On the other hand, the lowest-income bracket group has been hit severely adding severe pressure on homeless shelters and charitable institutions.
If the construction and real-estate industries is allowed to continue profiting from the lack of regulation, the housing crisis will only unfold gradually with ever decreasing rates of home-ownership in the long term. If Maltese people lost their chance to own a home, social mobility would decrease, which would in turn enable for a higher gap between social classes. Further in the long term, the housing crisis would also be detrimental to the economy, given that the economic dividend of money spent in goods and services is higher on real value than the profit dividend in money spent on rent.
In the short term, Labour should also raise the minimum wage so as to help those who have been hit in the hardest manner.
Clearly, there is a market-dysfunction in which the construction and real-estate industries are growing at a significant social and economic cost. If government is to implement regulations in the rental market and intervene in the housing market in a multi-pronged manner, the rate of profit in the real-estate and construction industries may decrease in the short-term, but it could be the mechanism to ensure its competitiveness in the long-term. Such a course of action is inevitable if we are to prevent a decline of the home-ownership rate.
The fact that government has refused to stop the multiple pending applications for fuel pumps in outside-development zones shows the difficult stage the situation has reached. There is nothing that can justify such a rampant form of development with meagre short-term profits. A case in point is the low public dividend in exchange of DB’ Group and Corinthia’s land deals of Pembroke and St Julians respectively.
Back in the 1970s, Labour also built many housing units that were then sold at an affordable price to average-wage earners.
Back in the 1970s, when Malta was a socialist country with double-digit GDP growth rates, Labour solved a housing crisis that was much more extensive than that of today. Back then, Labour built many social housing units aimed for the most vulnerable and lower-income brackets, but it also built many housing units that were then sold at an affordable price to average-wage earners. In this way, Labour ensured that everyone could have a roof over their head by simultaneously managing to stabilise market prices. Unless current government starts regulating property speculation through price control or by building an extensive number of affordable housing, housing affordability will remain on the downside both in the short term and the long term.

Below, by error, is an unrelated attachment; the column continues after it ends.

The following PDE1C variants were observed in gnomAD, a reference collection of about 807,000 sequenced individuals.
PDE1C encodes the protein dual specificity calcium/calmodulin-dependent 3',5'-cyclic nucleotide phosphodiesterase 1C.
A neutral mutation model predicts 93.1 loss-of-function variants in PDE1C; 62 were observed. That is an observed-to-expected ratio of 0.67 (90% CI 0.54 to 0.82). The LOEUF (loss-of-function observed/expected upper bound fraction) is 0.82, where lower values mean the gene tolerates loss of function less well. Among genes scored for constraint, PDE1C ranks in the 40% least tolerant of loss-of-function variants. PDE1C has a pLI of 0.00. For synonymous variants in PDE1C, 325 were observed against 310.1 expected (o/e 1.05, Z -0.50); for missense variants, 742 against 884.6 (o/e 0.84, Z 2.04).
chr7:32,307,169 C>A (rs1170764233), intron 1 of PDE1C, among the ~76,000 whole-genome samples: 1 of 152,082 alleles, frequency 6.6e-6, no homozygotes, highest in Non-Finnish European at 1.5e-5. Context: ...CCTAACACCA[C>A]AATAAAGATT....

Government should drop its obsession with the hazardous construction and real estate industries and instead start seeking foreign capital investment that is actually productive.
Manufacturing, IT and hi-tech industries are growing in Eastern Europe. Croatia is home to a local company that produces electric cars. While companies in Canada are reaping multi-million dollars in revenue for the cultivation of marijuana, we still fail to see the economic and environmental potential of Malta having a fully-fledged marijuana cultivation industry. We have not yet even begun seriously considering to getting into the renewable energy sector. Productive capital investment will not come from local sources. In Malta, the industrial capitalist is an exception rather than the rule. Yet, if high-tech production industries are making a comeback in Eastern Europe, there is no reason why we shouldn’t be attracting such kind of foreign capital to Malta.
Economic growth should be an end to social and economic emancipation and not strictly an end to private profits.
Government has done well by reverting previous austerity policies and increasing the contribution to the welfare state, but it is also clear that a large section of the population, composed of low-income earners and pensioners are at serious risk of poverty.
Further discussion on Malta’s economic model is needed to ensure that we have an economic plan that works for all and not just for the few. After all, Labour should pursue its economic policy in line with its traditional principles of social justice. The main principle that should be at the heart of Labour’s economic policy is that economic growth should be an end to social and economic emancipation and not strictly an end to private profits. If Labour tips the balance in favour of social justice, it can legitimately claim to be left-wing.
Statistics sourced from Central Bank of Malta, National Statistics Office and Ministry of Finance.
Mark Camilleri is a historian and the executive chairman of the National Book Council. He has published a Marxist history of Malta in series called A Materialist Revision of Maltese History.